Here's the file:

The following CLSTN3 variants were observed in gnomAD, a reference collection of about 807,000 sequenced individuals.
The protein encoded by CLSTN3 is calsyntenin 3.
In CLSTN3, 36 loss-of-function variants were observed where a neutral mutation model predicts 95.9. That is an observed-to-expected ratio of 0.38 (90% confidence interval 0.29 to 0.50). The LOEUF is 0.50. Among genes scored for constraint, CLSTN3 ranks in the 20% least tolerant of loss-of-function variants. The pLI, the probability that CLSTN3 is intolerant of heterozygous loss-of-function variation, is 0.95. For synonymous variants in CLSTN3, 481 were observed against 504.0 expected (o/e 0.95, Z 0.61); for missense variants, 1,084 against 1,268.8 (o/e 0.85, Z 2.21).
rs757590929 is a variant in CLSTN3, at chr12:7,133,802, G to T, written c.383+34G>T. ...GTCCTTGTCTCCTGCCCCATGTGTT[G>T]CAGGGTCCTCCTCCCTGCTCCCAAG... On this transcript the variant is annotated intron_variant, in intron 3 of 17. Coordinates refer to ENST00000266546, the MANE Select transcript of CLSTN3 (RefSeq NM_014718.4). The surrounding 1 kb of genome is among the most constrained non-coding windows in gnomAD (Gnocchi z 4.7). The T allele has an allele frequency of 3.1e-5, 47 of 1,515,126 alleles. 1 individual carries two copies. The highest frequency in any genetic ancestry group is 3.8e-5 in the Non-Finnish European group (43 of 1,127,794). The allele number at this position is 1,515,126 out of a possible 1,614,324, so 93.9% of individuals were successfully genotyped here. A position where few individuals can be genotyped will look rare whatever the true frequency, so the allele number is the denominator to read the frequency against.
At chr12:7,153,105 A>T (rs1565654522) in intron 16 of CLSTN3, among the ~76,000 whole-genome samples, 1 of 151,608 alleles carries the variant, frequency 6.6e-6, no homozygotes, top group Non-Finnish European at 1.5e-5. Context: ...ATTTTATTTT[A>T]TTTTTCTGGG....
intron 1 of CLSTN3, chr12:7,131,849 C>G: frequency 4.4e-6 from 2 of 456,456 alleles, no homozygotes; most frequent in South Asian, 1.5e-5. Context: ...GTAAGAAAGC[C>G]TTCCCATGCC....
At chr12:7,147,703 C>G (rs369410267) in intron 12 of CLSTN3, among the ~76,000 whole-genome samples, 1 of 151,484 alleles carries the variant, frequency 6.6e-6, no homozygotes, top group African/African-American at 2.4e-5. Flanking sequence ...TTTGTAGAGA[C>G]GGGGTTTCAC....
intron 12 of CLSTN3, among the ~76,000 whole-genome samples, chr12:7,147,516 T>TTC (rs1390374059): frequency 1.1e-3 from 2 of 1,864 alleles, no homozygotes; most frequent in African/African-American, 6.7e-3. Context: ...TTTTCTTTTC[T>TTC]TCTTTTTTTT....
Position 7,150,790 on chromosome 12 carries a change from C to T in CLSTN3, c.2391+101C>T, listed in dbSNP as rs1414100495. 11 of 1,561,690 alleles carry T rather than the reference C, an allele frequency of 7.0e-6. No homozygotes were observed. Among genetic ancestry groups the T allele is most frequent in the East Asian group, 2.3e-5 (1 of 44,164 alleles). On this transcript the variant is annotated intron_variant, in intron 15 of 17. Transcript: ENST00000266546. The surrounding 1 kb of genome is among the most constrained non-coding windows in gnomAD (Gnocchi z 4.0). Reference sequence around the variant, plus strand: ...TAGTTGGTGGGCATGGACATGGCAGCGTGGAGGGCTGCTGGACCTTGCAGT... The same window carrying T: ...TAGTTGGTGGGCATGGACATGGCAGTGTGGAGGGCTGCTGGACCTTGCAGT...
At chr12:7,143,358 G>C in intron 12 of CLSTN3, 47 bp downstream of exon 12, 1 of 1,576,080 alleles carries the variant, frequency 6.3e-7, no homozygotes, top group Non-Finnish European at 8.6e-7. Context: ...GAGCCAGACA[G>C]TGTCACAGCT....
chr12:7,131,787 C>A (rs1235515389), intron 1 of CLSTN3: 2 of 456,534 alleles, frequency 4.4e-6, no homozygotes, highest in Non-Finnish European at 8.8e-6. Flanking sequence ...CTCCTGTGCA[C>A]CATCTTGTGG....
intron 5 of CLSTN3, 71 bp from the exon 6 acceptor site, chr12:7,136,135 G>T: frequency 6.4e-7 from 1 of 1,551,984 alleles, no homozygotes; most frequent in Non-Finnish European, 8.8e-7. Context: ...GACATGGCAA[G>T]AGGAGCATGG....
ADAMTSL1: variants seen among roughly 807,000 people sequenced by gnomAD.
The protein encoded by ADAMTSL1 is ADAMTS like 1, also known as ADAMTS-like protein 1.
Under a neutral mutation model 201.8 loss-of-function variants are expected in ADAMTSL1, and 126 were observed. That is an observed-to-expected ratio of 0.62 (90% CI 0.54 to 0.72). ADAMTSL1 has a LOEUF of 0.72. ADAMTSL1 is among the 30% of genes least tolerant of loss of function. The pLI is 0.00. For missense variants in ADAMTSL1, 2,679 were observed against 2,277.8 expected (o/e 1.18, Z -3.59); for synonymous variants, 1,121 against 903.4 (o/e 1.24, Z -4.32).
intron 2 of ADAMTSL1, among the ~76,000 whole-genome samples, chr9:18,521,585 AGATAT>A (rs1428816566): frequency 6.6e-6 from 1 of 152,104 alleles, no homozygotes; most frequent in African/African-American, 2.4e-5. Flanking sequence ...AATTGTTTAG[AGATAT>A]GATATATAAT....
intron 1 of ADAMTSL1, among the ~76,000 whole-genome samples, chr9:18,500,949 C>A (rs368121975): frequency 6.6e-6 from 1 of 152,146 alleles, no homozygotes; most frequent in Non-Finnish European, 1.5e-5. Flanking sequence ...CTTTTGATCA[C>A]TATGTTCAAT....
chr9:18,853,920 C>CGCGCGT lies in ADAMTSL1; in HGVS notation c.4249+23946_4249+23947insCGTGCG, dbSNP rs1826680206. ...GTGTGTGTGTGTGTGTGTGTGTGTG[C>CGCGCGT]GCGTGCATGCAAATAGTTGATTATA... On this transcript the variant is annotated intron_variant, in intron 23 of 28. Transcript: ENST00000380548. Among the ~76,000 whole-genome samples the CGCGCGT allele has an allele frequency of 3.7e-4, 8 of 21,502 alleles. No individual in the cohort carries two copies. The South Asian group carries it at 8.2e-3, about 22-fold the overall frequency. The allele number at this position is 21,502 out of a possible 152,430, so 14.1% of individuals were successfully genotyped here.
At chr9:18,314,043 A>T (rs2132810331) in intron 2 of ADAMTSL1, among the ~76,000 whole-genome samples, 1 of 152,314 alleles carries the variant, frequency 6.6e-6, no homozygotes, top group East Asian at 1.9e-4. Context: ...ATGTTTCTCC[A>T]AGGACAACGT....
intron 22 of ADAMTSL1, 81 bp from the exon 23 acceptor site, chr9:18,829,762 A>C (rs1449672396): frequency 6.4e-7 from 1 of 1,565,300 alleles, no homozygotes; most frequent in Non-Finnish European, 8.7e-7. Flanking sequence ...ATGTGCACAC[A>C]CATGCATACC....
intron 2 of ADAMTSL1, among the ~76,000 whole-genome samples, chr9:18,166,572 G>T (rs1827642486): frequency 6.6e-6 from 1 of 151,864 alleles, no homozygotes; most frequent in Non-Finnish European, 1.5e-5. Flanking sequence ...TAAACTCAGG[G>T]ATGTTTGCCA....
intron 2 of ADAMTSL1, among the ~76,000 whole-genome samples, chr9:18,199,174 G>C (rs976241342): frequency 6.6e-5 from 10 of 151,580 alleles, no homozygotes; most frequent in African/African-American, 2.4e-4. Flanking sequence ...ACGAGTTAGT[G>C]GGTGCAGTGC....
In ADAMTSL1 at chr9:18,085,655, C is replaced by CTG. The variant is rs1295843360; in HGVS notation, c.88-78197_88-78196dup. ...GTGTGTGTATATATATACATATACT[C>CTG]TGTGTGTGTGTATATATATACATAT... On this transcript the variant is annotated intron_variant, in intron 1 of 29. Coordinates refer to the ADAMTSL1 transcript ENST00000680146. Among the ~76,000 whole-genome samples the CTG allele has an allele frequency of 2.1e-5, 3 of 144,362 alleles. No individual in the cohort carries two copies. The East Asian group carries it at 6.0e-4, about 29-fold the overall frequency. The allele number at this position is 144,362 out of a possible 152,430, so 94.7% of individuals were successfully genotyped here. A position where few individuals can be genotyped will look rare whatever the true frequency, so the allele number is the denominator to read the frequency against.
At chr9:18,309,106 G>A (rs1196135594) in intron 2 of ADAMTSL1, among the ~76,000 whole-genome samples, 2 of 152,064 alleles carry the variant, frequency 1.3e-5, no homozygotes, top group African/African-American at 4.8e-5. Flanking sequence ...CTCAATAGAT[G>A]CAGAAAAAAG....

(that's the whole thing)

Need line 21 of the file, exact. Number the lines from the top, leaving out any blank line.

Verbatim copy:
intron 2 of ADAMTSL1, among the ~76,000 whole-genome samples, chr9:18,166,572 G>T (rs1827642486): frequency 6.6e-6 from 1 of 151,864 alleles, no homozygotes; most frequent in Non-Finnish European, 1.5e-5. Flanking sequence ...TAAACTCAGG[G>T]ATGTTTGCCA....